(It really made me appreciate the Nikon dslr I have so much more!)

More history from Ekoji's website, as they explain it better than I ever could:
Ekoji celebrates this important occasion with an evening of old and new Japanese folk dances and a lighting of memorial candles on Saturday evening with a service in the temple on Sunday. This traditional combination is a custom that originated 2500 years ago in India.  One of Sakyamuni Buddha’s followers, the famous disciple Mogallana, was distraught because, in a vision, he saw his late mother suffering in the hell of hungry ghosts.  It was not that she was an evil person, but that as a parent, she had strong motherly attachments to the son and wanted so much for him.  When Mogallana asked the Buddha how he could relieve his mother’s suffering, the Buddha advised him to honor his mother’s memory by selfless giving of dana on her behalf.  Mogallana gathered donations of clothing and food for the Sangha and at the end of the rainy season distributed these at a gathering out under the starry skies.  As he did so, he had a vision of his mother now enjoying the peaceful tranquility of Nirvana, and he began to dance in joy.

As Buddhism moved from India into Southeast Asia, China, Korea, Japan and to the United States, so did the custom of O-Bon as a joyous gathering of fond remembrance.  In a warm and gentle way, O-Bon reminds us that everyone in the community has been touched with the loss of a loved one and like Mogallana’s mother we too can enjoy the peaceful tranquility of Nirvana.
A Brief Introduction To Buddhism

To guide the visiting ancestor's spirits, lanterns are hung. 
Once it was near dark, they held a candlelight memorial service which was a nice end to the day. The garden was beautiful with all the memorial candles and the red lanterns.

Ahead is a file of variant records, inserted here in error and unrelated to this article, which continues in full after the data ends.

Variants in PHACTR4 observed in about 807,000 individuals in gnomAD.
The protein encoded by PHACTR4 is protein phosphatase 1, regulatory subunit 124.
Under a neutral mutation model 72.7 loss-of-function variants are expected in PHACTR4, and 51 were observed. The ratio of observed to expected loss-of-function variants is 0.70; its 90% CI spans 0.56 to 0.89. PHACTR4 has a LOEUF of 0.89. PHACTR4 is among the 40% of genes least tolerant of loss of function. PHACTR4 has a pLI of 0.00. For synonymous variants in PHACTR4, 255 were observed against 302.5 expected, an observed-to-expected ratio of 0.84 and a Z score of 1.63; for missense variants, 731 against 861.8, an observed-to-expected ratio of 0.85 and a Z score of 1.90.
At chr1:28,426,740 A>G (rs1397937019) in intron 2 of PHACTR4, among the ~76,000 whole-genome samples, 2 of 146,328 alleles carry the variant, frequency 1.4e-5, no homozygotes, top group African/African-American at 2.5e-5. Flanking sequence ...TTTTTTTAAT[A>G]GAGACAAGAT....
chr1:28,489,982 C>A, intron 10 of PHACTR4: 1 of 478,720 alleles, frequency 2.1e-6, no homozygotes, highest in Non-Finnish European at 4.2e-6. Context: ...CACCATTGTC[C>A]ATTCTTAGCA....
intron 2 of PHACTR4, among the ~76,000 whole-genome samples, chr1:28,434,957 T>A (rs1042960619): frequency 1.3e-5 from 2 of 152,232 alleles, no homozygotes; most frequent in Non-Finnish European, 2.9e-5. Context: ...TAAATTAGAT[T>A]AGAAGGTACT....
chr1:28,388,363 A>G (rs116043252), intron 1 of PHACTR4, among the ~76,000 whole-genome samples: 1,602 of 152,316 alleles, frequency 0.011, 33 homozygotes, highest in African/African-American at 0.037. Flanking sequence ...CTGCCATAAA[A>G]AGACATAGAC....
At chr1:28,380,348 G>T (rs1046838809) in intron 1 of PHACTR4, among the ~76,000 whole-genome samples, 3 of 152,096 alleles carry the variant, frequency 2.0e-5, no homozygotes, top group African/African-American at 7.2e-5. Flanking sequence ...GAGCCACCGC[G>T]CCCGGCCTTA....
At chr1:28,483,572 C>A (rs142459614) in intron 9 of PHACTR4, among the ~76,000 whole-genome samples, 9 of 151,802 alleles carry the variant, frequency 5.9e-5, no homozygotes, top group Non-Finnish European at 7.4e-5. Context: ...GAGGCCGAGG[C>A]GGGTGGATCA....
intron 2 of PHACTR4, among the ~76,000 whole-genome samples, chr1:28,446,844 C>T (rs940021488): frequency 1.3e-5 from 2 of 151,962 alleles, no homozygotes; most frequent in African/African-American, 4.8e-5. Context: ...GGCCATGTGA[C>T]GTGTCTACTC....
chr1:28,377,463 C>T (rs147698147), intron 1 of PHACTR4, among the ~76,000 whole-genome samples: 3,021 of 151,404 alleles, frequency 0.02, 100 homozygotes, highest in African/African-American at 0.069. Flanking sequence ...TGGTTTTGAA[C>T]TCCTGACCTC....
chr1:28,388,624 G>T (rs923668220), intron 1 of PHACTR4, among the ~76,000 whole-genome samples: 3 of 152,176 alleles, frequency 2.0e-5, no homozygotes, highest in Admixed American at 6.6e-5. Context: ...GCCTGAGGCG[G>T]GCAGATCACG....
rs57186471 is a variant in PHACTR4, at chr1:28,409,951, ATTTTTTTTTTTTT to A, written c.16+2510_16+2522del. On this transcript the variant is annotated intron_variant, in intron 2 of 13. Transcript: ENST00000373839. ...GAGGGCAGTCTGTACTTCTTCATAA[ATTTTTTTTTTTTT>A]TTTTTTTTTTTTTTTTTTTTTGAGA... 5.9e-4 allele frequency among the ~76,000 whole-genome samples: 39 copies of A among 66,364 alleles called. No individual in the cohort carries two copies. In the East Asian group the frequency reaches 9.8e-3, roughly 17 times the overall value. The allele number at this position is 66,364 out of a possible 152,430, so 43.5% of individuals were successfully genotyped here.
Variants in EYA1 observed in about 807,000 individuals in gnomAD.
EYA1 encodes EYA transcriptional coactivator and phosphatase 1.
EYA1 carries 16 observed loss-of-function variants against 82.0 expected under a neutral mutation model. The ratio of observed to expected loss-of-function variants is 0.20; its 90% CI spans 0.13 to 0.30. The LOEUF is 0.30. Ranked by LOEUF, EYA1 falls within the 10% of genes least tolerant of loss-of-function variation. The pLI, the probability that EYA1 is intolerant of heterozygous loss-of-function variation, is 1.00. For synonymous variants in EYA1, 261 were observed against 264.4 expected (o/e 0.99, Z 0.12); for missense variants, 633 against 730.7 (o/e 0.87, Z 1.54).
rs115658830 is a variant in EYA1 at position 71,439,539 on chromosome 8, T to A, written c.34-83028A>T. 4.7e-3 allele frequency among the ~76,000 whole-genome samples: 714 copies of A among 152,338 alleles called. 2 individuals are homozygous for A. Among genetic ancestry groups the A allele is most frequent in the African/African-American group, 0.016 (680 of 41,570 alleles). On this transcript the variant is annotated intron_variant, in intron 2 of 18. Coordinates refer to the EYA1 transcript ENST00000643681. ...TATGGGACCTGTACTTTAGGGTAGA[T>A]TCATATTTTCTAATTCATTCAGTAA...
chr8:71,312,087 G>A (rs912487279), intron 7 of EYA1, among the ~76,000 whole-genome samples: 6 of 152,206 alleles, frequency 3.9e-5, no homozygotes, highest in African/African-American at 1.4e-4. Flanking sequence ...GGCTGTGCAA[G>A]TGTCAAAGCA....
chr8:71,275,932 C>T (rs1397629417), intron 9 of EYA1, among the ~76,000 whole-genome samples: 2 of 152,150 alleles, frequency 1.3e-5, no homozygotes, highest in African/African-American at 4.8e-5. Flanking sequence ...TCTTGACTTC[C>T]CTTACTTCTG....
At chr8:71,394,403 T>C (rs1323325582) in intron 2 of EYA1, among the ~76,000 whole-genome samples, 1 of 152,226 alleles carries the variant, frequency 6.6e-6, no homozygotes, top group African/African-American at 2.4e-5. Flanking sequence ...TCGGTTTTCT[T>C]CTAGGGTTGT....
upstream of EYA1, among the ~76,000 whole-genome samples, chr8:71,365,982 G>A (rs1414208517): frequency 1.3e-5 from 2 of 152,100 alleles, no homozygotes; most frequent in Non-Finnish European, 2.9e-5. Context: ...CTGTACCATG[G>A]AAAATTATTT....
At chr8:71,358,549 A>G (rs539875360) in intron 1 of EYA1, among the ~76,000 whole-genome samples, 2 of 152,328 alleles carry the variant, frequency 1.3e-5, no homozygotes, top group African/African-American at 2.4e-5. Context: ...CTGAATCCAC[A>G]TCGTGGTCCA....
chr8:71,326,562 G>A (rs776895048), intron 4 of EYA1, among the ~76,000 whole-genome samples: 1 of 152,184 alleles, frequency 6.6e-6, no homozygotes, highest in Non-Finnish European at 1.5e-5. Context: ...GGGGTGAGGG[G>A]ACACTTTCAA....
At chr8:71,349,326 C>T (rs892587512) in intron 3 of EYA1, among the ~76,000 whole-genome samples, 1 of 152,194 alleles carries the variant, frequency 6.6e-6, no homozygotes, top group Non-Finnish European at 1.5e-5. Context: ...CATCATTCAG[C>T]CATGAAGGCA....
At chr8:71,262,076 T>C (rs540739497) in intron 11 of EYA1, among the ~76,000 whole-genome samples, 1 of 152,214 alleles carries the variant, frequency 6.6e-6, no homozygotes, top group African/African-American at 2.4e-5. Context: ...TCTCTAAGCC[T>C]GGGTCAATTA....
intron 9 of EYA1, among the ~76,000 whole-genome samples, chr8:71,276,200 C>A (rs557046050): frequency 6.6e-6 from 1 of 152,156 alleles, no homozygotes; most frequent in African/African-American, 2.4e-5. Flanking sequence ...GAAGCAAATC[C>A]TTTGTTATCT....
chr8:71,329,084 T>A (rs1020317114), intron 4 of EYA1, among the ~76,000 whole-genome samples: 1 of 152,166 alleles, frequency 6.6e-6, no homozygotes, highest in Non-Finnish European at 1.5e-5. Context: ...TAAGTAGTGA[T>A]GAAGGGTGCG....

It was definitely a great festival to attend!

Friday, 8 July 2011

"Hello? Hello? Is that you, weekend?"

117/365 : telephone

Ever since I really figured out my Nikon D60, it has been one of my favourite things. Especially the macro lens. Since the beginning of 2011 I have been trying to take a photo everyday for a flickr group/challenge, Mini 365. I am only up to 121, so I am behind and haven't been able to take an everyday photo. I have learned so much about my camera, and am having fun thinking of new photography ideas. 
I find it rather amusing that taking photos of miniature toys has paid off– the experience of using a DSLR on an almost daily basis has made me very comfortable whenever I have to take photos of toys at my design job!

Tuesday, 5 July 2011


I picked 5 pounds of organic blueberries recently at a local farm... so far I have only made skillet jam. Even after what feels like days and days of grazing on blueberries, there is still many many more. 

Blueberry Skillet Jam 
Recipe from Good Housekeeping
  • 1 pint blueberries, mashed
  • 2 tablespoons powdered fruit pectin
  • 1/2 teaspoons margarine or butter
  • 1 cup sugar

Directions: In 12-inch skillet, heat blueberries, pectin, and margarine or butter over medium-high heat, stirring constantly until mixture boils. Stir in sugar; heat to boiling. Boil 1 minute; remove from heat.
Pour jam into two 1/2-pint jars with tight-fitting lids.
Cover and refrigerate until jam is set and cold, about 6 hours. Keep jam refrigerated and use within 3 weeks.

* My note: I used a bit more than 2 cups of blueberries, finding various sources saying a pint of berries is 2 1/2 cups.
* I used Sure Jell dry pectin. One day I will try Ball's brand, if I come across it.

I still have to think of some more things to make... Blueberry pie? Blueberry sorbet?

from the blueberry field